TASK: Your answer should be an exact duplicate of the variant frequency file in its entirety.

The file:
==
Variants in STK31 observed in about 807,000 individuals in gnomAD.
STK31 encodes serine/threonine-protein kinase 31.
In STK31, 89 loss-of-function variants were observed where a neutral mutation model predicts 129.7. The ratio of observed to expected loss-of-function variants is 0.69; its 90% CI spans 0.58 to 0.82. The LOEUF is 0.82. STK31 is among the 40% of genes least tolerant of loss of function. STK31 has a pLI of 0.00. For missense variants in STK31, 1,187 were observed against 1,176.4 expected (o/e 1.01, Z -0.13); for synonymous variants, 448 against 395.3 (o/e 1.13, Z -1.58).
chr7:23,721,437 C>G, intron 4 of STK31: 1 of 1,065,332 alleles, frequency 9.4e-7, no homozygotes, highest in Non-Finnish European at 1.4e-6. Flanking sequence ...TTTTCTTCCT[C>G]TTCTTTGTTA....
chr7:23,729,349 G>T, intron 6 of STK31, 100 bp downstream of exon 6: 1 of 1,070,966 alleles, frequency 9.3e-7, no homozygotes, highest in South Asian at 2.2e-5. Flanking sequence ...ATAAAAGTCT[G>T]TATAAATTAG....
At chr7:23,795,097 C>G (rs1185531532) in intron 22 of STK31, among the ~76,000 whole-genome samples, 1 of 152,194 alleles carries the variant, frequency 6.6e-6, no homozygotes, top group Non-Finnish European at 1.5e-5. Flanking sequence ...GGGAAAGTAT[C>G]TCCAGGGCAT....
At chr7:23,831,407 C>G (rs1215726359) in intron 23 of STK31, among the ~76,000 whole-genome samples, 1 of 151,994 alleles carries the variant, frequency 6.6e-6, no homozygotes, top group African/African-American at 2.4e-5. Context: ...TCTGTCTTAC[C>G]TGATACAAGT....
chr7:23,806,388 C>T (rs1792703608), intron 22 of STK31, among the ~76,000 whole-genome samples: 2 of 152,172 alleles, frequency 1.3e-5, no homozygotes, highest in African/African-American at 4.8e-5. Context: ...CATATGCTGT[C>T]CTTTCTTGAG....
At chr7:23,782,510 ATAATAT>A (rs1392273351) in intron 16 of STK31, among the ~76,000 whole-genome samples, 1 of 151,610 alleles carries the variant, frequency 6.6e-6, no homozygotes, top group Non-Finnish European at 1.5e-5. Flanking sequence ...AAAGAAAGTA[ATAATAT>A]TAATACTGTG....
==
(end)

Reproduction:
Variants in STK31 observed in about 807,000 individuals in gnomAD.
STK31 encodes serine/threonine-protein kinase 31.
In STK31, 89 loss-of-function variants were observed where a neutral mutation model predicts 129.7. The ratio of observed to expected loss-of-function variants is 0.69; its 90% CI spans 0.58 to 0.82. The LOEUF is 0.82. STK31 is among the 40% of genes least tolerant of loss of function. STK31 has a pLI of 0.00. For missense variants in STK31, 1,187 were observed against 1,176.4 expected (o/e 1.01, Z -0.13); for synonymous variants, 448 against 395.3 (o/e 1.13, Z -1.58).
chr7:23,721,437 C>G, intron 4 of STK31: 1 of 1,065,332 alleles, frequency 9.4e-7, no homozygotes, highest in Non-Finnish European at 1.4e-6. Flanking sequence ...TTTTCTTCCT[C>G]TTCTTTGTTA....
chr7:23,729,349 G>T, intron 6 of STK31, 100 bp downstream of exon 6: 1 of 1,070,966 alleles, frequency 9.3e-7, no homozygotes, highest in South Asian at 2.2e-5. Flanking sequence ...ATAAAAGTCT[G>T]TATAAATTAG....
At chr7:23,795,097 C>G (rs1185531532) in intron 22 of STK31, among the ~76,000 whole-genome samples, 1 of 152,194 alleles carries the variant, frequency 6.6e-6, no homozygotes, top group Non-Finnish European at 1.5e-5. Flanking sequence ...GGGAAAGTAT[C>G]TCCAGGGCAT....
At chr7:23,831,407 C>G (rs1215726359) in intron 23 of STK31, among the ~76,000 whole-genome samples, 1 of 151,994 alleles carries the variant, frequency 6.6e-6, no homozygotes, top group African/African-American at 2.4e-5. Context: ...TCTGTCTTAC[C>G]TGATACAAGT....
chr7:23,806,388 C>T (rs1792703608), intron 22 of STK31, among the ~76,000 whole-genome samples: 2 of 152,172 alleles, frequency 1.3e-5, no homozygotes, highest in African/African-American at 4.8e-5. Context: ...CATATGCTGT[C>T]CTTTCTTGAG....
At chr7:23,782,510 ATAATAT>A (rs1392273351) in intron 16 of STK31, among the ~76,000 whole-genome samples, 1 of 151,610 alleles carries the variant, frequency 6.6e-6, no homozygotes, top group Non-Finnish European at 1.5e-5. Flanking sequence ...AAAGAAAGTA[ATAATAT>A]TAATACTGTG....